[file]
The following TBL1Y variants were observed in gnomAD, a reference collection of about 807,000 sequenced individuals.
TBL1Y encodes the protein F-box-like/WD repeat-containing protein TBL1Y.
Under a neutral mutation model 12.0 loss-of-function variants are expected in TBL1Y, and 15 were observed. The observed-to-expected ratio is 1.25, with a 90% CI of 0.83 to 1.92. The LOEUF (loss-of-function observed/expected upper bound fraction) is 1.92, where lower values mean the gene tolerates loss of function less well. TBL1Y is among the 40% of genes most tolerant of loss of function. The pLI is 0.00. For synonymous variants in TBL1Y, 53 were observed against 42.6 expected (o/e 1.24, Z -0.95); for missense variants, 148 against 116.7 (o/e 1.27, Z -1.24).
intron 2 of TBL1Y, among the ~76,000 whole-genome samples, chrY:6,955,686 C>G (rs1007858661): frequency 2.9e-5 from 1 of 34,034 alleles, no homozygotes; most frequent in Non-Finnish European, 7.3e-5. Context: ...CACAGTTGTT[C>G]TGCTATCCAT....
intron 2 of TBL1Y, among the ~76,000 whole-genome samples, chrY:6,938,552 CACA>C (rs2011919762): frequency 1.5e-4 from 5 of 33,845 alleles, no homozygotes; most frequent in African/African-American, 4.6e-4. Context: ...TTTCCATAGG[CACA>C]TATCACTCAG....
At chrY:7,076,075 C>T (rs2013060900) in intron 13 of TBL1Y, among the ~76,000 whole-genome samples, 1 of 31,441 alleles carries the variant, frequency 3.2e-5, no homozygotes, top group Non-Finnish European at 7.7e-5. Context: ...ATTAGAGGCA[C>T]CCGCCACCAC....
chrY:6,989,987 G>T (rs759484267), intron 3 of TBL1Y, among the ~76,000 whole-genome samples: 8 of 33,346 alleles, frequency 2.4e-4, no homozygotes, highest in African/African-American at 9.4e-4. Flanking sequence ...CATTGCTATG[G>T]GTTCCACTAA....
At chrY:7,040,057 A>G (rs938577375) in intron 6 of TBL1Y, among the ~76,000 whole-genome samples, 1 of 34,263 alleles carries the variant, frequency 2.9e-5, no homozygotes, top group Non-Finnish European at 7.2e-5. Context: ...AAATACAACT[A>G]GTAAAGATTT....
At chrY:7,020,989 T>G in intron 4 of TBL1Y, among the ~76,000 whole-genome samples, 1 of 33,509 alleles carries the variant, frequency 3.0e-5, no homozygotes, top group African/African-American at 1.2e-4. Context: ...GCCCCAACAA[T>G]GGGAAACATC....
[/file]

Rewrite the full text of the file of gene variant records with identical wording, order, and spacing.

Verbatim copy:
The following TBL1Y variants were observed in gnomAD, a reference collection of about 807,000 sequenced individuals.
TBL1Y encodes the protein F-box-like/WD repeat-containing protein TBL1Y.
Under a neutral mutation model 12.0 loss-of-function variants are expected in TBL1Y, and 15 were observed. The observed-to-expected ratio is 1.25, with a 90% CI of 0.83 to 1.92. The LOEUF (loss-of-function observed/expected upper bound fraction) is 1.92, where lower values mean the gene tolerates loss of function less well. TBL1Y is among the 40% of genes most tolerant of loss of function. The pLI is 0.00. For synonymous variants in TBL1Y, 53 were observed against 42.6 expected (o/e 1.24, Z -0.95); for missense variants, 148 against 116.7 (o/e 1.27, Z -1.24).
intron 2 of TBL1Y, among the ~76,000 whole-genome samples, chrY:6,955,686 C>G (rs1007858661): frequency 2.9e-5 from 1 of 34,034 alleles, no homozygotes; most frequent in Non-Finnish European, 7.3e-5. Context: ...CACAGTTGTT[C>G]TGCTATCCAT....
intron 2 of TBL1Y, among the ~76,000 whole-genome samples, chrY:6,938,552 CACA>C (rs2011919762): frequency 1.5e-4 from 5 of 33,845 alleles, no homozygotes; most frequent in African/African-American, 4.6e-4. Context: ...TTTCCATAGG[CACA>C]TATCACTCAG....
At chrY:7,076,075 C>T (rs2013060900) in intron 13 of TBL1Y, among the ~76,000 whole-genome samples, 1 of 31,441 alleles carries the variant, frequency 3.2e-5, no homozygotes, top group Non-Finnish European at 7.7e-5. Context: ...ATTAGAGGCA[C>T]CCGCCACCAC....
chrY:6,989,987 G>T (rs759484267), intron 3 of TBL1Y, among the ~76,000 whole-genome samples: 8 of 33,346 alleles, frequency 2.4e-4, no homozygotes, highest in African/African-American at 9.4e-4. Flanking sequence ...CATTGCTATG[G>T]GTTCCACTAA....
At chrY:7,040,057 A>G (rs938577375) in intron 6 of TBL1Y, among the ~76,000 whole-genome samples, 1 of 34,263 alleles carries the variant, frequency 2.9e-5, no homozygotes, top group Non-Finnish European at 7.2e-5. Context: ...AAATACAACT[A>G]GTAAAGATTT....
At chrY:7,020,989 T>G in intron 4 of TBL1Y, among the ~76,000 whole-genome samples, 1 of 33,509 alleles carries the variant, frequency 3.0e-5, no homozygotes, top group African/African-American at 1.2e-4. Context: ...GCCCCAACAA[T>G]GGGAAACATC....